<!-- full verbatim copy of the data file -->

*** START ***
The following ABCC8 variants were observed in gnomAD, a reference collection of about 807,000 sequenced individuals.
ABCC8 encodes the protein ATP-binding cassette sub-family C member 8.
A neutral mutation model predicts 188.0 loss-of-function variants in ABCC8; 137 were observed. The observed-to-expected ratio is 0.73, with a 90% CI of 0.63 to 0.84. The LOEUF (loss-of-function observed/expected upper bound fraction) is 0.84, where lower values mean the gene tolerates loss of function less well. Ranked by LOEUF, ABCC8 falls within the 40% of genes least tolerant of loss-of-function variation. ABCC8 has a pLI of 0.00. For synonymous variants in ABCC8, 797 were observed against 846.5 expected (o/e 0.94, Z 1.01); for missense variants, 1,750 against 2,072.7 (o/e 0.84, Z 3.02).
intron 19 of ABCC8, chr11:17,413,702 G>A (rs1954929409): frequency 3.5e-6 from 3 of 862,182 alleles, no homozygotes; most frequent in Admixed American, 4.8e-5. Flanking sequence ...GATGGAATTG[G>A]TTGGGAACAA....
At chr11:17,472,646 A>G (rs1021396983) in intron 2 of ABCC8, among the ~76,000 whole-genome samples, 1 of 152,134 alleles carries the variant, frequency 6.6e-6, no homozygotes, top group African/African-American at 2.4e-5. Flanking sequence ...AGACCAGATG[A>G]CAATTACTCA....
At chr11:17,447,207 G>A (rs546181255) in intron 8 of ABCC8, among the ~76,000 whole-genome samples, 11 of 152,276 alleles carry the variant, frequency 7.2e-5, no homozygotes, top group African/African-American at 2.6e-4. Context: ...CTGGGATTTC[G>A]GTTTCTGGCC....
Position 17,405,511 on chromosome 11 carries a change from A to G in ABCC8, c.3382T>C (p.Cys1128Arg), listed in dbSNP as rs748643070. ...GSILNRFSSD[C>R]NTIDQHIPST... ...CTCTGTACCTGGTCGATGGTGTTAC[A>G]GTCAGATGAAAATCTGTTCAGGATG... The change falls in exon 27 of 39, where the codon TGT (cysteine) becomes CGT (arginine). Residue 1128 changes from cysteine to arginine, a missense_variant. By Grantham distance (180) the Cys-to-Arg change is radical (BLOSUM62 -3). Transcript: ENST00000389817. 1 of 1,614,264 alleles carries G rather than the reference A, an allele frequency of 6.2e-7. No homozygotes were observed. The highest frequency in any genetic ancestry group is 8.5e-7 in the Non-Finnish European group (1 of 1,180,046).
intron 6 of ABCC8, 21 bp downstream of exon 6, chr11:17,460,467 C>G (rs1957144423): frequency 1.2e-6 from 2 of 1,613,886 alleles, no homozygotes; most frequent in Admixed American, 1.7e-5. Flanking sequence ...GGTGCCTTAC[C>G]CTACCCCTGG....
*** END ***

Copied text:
The following ABCC8 variants were observed in gnomAD, a reference collection of about 807,000 sequenced individuals.
ABCC8 encodes the protein ATP-binding cassette sub-family C member 8.
A neutral mutation model predicts 188.0 loss-of-function variants in ABCC8; 137 were observed. The observed-to-expected ratio is 0.73, with a 90% CI of 0.63 to 0.84. The LOEUF (loss-of-function observed/expected upper bound fraction) is 0.84, where lower values mean the gene tolerates loss of function less well. Ranked by LOEUF, ABCC8 falls within the 40% of genes least tolerant of loss-of-function variation. ABCC8 has a pLI of 0.00. For synonymous variants in ABCC8, 797 were observed against 846.5 expected (o/e 0.94, Z 1.01); for missense variants, 1,750 against 2,072.7 (o/e 0.84, Z 3.02).
intron 19 of ABCC8, chr11:17,413,702 G>A (rs1954929409): frequency 3.5e-6 from 3 of 862,182 alleles, no homozygotes; most frequent in Admixed American, 4.8e-5. Flanking sequence ...GATGGAATTG[G>A]TTGGGAACAA....
At chr11:17,472,646 A>G (rs1021396983) in intron 2 of ABCC8, among the ~76,000 whole-genome samples, 1 of 152,134 alleles carries the variant, frequency 6.6e-6, no homozygotes, top group African/African-American at 2.4e-5. Flanking sequence ...AGACCAGATG[A>G]CAATTACTCA....
At chr11:17,447,207 G>A (rs546181255) in intron 8 of ABCC8, among the ~76,000 whole-genome samples, 11 of 152,276 alleles carry the variant, frequency 7.2e-5, no homozygotes, top group African/African-American at 2.6e-4. Context: ...CTGGGATTTC[G>A]GTTTCTGGCC....
Position 17,405,511 on chromosome 11 carries a change from A to G in ABCC8, c.3382T>C (p.Cys1128Arg), listed in dbSNP as rs748643070. ...GSILNRFSSD[C>R]NTIDQHIPST... ...CTCTGTACCTGGTCGATGGTGTTAC[A>G]GTCAGATGAAAATCTGTTCAGGATG... The change falls in exon 27 of 39, where the codon TGT (cysteine) becomes CGT (arginine). Residue 1128 changes from cysteine to arginine, a missense_variant. By Grantham distance (180) the Cys-to-Arg change is radical (BLOSUM62 -3). Transcript: ENST00000389817. 1 of 1,614,264 alleles carries G rather than the reference A, an allele frequency of 6.2e-7. No homozygotes were observed. The highest frequency in any genetic ancestry group is 8.5e-7 in the Non-Finnish European group (1 of 1,180,046).
intron 6 of ABCC8, 21 bp downstream of exon 6, chr11:17,460,467 C>G (rs1957144423): frequency 1.2e-6 from 2 of 1,613,886 alleles, no homozygotes; most frequent in Admixed American, 1.7e-5. Flanking sequence ...GGTGCCTTAC[C>G]CTACCCCTGG....